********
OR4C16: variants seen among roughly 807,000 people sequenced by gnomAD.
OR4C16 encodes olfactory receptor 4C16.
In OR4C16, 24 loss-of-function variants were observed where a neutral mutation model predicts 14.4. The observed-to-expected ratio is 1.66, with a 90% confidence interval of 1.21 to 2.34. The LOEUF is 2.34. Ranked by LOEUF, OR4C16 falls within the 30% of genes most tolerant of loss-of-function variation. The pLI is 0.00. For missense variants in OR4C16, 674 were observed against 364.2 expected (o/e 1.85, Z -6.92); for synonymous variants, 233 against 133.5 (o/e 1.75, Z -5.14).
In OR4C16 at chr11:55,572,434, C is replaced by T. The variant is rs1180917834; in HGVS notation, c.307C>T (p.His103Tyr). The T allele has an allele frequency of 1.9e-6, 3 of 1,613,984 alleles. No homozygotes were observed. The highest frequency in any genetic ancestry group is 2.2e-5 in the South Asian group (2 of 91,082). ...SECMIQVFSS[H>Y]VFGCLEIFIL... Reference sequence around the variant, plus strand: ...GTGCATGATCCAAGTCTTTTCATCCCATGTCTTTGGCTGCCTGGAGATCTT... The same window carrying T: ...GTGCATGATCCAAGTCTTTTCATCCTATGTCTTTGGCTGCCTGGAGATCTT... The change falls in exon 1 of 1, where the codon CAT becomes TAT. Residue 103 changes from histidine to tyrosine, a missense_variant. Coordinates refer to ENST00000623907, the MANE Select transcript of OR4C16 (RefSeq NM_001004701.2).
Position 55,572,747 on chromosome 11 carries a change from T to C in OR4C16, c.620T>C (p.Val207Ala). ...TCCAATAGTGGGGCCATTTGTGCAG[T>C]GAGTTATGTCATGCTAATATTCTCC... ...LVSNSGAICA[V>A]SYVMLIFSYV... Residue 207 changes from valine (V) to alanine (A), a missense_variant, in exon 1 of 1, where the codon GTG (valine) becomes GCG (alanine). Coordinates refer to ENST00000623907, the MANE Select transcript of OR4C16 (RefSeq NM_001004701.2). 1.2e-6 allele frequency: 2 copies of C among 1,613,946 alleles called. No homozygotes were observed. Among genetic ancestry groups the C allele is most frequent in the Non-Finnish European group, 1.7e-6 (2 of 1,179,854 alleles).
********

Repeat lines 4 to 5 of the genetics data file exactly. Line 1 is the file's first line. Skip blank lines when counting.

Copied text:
In OR4C16 at chr11:55,572,434, C is replaced by T. The variant is rs1180917834; in HGVS notation, c.307C>T (p.His103Tyr). The T allele has an allele frequency of 1.9e-6, 3 of 1,613,984 alleles. No homozygotes were observed. The highest frequency in any genetic ancestry group is 2.2e-5 in the South Asian group (2 of 91,082). ...SECMIQVFSS[H>Y]VFGCLEIFIL... Reference sequence around the variant, plus strand: ...GTGCATGATCCAAGTCTTTTCATCCCATGTCTTTGGCTGCCTGGAGATCTT... The same window carrying T: ...GTGCATGATCCAAGTCTTTTCATCCTATGTCTTTGGCTGCCTGGAGATCTT... The change falls in exon 1 of 1, where the codon CAT becomes TAT. Residue 103 changes from histidine to tyrosine, a missense_variant. Coordinates refer to ENST00000623907, the MANE Select transcript of OR4C16 (RefSeq NM_001004701.2).
Position 55,572,747 on chromosome 11 carries a change from T to C in OR4C16, c.620T>C (p.Val207Ala). ...TCCAATAGTGGGGCCATTTGTGCAG[T>C]GAGTTATGTCATGCTAATATTCTCC... ...LVSNSGAICA[V>A]SYVMLIFSYV... Residue 207 changes from valine (V) to alanine (A), a missense_variant, in exon 1 of 1, where the codon GTG (valine) becomes GCG (alanine). Coordinates refer to ENST00000623907, the MANE Select transcript of OR4C16 (RefSeq NM_001004701.2). 1.2e-6 allele frequency: 2 copies of C among 1,613,946 alleles called. No homozygotes were observed. Among genetic ancestry groups the C allele is most frequent in the Non-Finnish European group, 1.7e-6 (2 of 1,179,854 alleles).